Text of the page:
strength reduction factor should be taken equal to unity (rigid).
Create the material data sets according to the information given in Table 13.1.
Table 13.1 Material properties of the subsoil and pile
Parameter Symbol Clay Sand Pile Unit
Material model Model Mohr-Coulomb HS small Linear elastic -
Type of behaviour Type Undrained (B) Undrained (A) Non-porous -
Unit weight above phreatic line γunsat 16 17 24 kN/m3
Unit weight below phreatic line γsat 18 20 - kN/m3
Young's modulus (constant) E' 5.0· 103 - 3·107 kN/m2
Secant stiffness in standard ref
E50 - 5.0· 104 - kN/m2
drained triaxial test
Tangent stiffness for primary ref
Eoed - 5.0· 104 - kN/m2
oedometer loading
Unloading / reloading stiffness ref
Eur - 1.5· 105 - kN/m2
Power for stress-level dependency m - 0.5 - -
of stiffness
Poisson's ratio ν 'ur 0.3 0.2 0.1 -
Cohesion c 'ref - 0 - kN/m2
Undrained shear strength su,ref 5.0 - - kN/m2

Friction angle ϕ' 0 31.0 -

Dilatancy parameter ψ 0 0 -
Shear strain at which Gs = γ0.7 - 1.0·10-4 - -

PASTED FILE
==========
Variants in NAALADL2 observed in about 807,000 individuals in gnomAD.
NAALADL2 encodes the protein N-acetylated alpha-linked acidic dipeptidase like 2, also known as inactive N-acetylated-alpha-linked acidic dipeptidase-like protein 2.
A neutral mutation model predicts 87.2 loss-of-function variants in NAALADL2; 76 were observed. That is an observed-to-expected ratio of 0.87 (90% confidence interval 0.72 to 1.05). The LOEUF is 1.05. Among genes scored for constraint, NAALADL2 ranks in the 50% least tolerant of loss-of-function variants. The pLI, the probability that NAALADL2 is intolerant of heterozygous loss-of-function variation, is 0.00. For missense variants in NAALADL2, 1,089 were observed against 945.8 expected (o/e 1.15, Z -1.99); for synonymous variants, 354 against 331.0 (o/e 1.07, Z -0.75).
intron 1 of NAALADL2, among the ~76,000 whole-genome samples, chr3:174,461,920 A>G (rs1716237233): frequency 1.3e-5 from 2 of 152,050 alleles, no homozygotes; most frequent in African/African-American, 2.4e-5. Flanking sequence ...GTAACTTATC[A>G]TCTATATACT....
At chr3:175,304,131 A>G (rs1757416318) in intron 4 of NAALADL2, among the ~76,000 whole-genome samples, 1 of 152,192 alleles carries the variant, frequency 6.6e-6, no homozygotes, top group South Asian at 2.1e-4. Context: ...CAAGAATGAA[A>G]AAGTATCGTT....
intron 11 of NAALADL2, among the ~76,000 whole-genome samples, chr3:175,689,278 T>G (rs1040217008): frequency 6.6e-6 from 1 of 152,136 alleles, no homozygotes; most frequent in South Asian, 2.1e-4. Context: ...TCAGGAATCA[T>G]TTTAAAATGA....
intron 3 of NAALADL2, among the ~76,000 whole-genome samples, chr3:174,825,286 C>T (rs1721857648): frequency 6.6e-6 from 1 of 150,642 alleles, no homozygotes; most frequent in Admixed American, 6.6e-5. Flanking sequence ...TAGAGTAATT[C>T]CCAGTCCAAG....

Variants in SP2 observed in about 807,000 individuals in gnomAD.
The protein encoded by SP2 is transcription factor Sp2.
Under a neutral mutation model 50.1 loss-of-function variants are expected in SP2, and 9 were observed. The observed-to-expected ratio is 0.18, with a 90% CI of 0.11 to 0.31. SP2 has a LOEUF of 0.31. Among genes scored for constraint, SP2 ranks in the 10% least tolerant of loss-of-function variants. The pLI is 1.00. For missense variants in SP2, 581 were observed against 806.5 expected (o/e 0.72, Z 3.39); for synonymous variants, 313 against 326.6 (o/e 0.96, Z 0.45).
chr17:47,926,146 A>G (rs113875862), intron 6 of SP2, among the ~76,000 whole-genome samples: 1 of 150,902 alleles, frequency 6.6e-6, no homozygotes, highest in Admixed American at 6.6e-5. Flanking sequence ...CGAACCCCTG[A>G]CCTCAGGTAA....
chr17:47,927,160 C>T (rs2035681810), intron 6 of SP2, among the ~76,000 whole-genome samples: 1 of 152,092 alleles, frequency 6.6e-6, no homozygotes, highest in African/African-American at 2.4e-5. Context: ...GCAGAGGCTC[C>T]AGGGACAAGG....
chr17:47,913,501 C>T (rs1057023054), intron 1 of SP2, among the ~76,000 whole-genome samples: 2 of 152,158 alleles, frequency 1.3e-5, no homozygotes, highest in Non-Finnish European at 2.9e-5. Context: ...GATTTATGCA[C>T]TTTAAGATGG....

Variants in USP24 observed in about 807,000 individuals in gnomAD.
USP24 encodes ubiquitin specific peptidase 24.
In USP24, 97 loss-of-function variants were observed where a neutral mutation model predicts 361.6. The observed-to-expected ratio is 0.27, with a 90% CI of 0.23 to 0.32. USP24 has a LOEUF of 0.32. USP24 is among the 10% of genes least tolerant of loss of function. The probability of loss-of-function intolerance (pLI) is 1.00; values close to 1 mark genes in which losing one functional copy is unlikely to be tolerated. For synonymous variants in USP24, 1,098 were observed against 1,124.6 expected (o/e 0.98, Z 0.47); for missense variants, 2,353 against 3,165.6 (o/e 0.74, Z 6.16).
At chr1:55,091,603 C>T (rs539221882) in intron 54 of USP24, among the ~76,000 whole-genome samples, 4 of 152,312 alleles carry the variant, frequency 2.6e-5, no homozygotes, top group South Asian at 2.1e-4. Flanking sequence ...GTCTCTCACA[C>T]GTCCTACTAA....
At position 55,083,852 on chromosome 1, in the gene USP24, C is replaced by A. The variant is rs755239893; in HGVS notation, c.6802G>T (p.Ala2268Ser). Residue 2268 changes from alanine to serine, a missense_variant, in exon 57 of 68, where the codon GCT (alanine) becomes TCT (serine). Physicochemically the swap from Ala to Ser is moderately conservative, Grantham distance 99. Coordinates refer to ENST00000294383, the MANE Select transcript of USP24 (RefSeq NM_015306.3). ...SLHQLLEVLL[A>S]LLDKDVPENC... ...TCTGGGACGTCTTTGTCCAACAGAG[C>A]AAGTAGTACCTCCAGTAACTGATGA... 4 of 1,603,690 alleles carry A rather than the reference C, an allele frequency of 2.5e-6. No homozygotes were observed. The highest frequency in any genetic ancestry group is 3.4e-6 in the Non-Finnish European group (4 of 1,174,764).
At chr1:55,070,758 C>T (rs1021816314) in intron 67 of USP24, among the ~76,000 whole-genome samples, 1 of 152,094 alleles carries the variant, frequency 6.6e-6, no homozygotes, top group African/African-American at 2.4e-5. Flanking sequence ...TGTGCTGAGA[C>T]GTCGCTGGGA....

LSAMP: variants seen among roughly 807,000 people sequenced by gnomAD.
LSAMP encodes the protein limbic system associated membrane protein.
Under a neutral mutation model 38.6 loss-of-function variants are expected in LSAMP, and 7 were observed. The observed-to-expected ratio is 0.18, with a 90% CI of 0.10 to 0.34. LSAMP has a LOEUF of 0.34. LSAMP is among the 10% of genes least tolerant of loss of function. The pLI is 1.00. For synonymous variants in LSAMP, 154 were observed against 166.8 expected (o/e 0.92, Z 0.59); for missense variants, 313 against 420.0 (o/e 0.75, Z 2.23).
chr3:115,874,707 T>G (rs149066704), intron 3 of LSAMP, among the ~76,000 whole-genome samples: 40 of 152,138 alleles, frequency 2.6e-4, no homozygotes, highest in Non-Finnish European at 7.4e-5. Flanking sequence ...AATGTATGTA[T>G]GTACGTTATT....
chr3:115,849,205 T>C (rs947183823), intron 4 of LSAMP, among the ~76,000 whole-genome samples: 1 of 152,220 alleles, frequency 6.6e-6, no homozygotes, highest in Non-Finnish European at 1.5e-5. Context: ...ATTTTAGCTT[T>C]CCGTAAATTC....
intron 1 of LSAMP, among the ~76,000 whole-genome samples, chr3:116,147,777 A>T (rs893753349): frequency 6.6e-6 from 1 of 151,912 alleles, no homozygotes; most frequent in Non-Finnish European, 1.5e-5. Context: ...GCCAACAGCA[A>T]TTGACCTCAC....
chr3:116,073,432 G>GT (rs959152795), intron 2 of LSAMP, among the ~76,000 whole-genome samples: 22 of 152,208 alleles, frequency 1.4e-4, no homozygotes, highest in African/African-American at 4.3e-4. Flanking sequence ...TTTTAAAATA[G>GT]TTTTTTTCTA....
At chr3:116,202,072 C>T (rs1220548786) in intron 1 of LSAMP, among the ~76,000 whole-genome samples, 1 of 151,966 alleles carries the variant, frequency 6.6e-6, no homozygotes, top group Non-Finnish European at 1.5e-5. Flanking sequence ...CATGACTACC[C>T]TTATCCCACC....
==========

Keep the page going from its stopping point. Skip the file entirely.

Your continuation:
Shear modulus at very small G0ref - 1.2·105 - kN/m2
Young's modulus inc. E 'inc 1.0·103 - - kN/m2
Reference level yref 18 - - m
Undrained shear strength inc. su,inc 3 - - kN/m2
Reference level yref 18 - - m
Interface strength type Type Manual Rigid Rigid -
Interface strength Rinter 0.5 1.0 1.0 -
K0 determination − Manual Automatic Automatic -
Lateral earth pressure coefficient K0,x 0.5000 0.4850 1.0 -

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The pile is defined as a column of 0.2 m width. The Interface elements are placed along
the pile to model the interaction between the pile and the soil. The interface should be
extended to about half a meter into the sand layer (see Figure 13.2). Note that the
interface should be defined only at the side of the soil. A proper modelling of the pile-soil
interaction is important to include the material damping caused by the sliding of the soil
along the pile during penetration and to allow for sufficient flexibility around the pile tip.

Hint: Use the Zoom in feature to create the pile and the interface.



(0.2, 7.0)
(0.0, 7.0)
Extended interface

(0.2, 6.6) Sand

Figure 13.2 Extended interface

To define the concrete pile: